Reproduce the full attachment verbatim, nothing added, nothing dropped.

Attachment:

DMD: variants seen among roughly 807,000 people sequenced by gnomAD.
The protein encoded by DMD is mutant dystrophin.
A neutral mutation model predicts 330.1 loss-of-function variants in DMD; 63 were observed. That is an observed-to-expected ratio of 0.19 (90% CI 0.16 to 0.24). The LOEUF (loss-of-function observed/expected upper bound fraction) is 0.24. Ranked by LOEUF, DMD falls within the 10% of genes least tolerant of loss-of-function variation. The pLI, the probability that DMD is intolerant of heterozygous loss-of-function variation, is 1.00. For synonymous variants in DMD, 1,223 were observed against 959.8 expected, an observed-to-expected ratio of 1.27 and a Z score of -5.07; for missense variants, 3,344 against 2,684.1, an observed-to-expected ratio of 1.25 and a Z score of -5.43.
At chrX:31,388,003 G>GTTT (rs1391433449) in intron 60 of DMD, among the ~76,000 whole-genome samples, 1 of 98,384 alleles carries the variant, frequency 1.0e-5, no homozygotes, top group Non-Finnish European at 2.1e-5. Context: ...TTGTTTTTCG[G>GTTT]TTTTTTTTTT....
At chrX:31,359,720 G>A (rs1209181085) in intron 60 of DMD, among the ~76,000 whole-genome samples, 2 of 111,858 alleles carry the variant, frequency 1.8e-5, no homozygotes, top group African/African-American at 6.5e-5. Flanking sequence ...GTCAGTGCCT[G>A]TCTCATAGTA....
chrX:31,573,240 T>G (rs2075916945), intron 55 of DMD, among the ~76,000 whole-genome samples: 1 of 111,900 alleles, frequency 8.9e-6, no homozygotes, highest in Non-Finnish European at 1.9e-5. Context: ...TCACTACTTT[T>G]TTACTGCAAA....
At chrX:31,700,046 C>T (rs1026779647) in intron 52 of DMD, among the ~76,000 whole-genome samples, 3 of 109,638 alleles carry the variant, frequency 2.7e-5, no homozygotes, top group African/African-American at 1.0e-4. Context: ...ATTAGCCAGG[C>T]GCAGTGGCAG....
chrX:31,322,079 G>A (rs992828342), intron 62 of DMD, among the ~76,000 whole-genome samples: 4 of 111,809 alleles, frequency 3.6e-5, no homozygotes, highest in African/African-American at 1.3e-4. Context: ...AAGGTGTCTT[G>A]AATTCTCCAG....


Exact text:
DMD: variants seen among roughly 807,000 people sequenced by gnomAD.
The protein encoded by DMD is mutant dystrophin.
A neutral mutation model predicts 330.1 loss-of-function variants in DMD; 63 were observed. That is an observed-to-expected ratio of 0.19 (90% CI 0.16 to 0.24). The LOEUF (loss-of-function observed/expected upper bound fraction) is 0.24. Ranked by LOEUF, DMD falls within the 10% of genes least tolerant of loss-of-function variation. The pLI, the probability that DMD is intolerant of heterozygous loss-of-function variation, is 1.00. For synonymous variants in DMD, 1,223 were observed against 959.8 expected, an observed-to-expected ratio of 1.27 and a Z score of -5.07; for missense variants, 3,344 against 2,684.1, an observed-to-expected ratio of 1.25 and a Z score of -5.43.
At chrX:31,388,003 G>GTTT (rs1391433449) in intron 60 of DMD, among the ~76,000 whole-genome samples, 1 of 98,384 alleles carries the variant, frequency 1.0e-5, no homozygotes, top group Non-Finnish European at 2.1e-5. Context: ...TTGTTTTTCG[G>GTTT]TTTTTTTTTT....
At chrX:31,359,720 G>A (rs1209181085) in intron 60 of DMD, among the ~76,000 whole-genome samples, 2 of 111,858 alleles carry the variant, frequency 1.8e-5, no homozygotes, top group African/African-American at 6.5e-5. Flanking sequence ...GTCAGTGCCT[G>A]TCTCATAGTA....
chrX:31,573,240 T>G (rs2075916945), intron 55 of DMD, among the ~76,000 whole-genome samples: 1 of 111,900 alleles, frequency 8.9e-6, no homozygotes, highest in Non-Finnish European at 1.9e-5. Context: ...TCACTACTTT[T>G]TTACTGCAAA....
At chrX:31,700,046 C>T (rs1026779647) in intron 52 of DMD, among the ~76,000 whole-genome samples, 3 of 109,638 alleles carry the variant, frequency 2.7e-5, no homozygotes, top group African/African-American at 1.0e-4. Context: ...ATTAGCCAGG[C>T]GCAGTGGCAG....
chrX:31,322,079 G>A (rs992828342), intron 62 of DMD, among the ~76,000 whole-genome samples: 4 of 111,809 alleles, frequency 3.6e-5, no homozygotes, highest in African/African-American at 1.3e-4. Context: ...AAGGTGTCTT[G>A]AATTCTCCAG....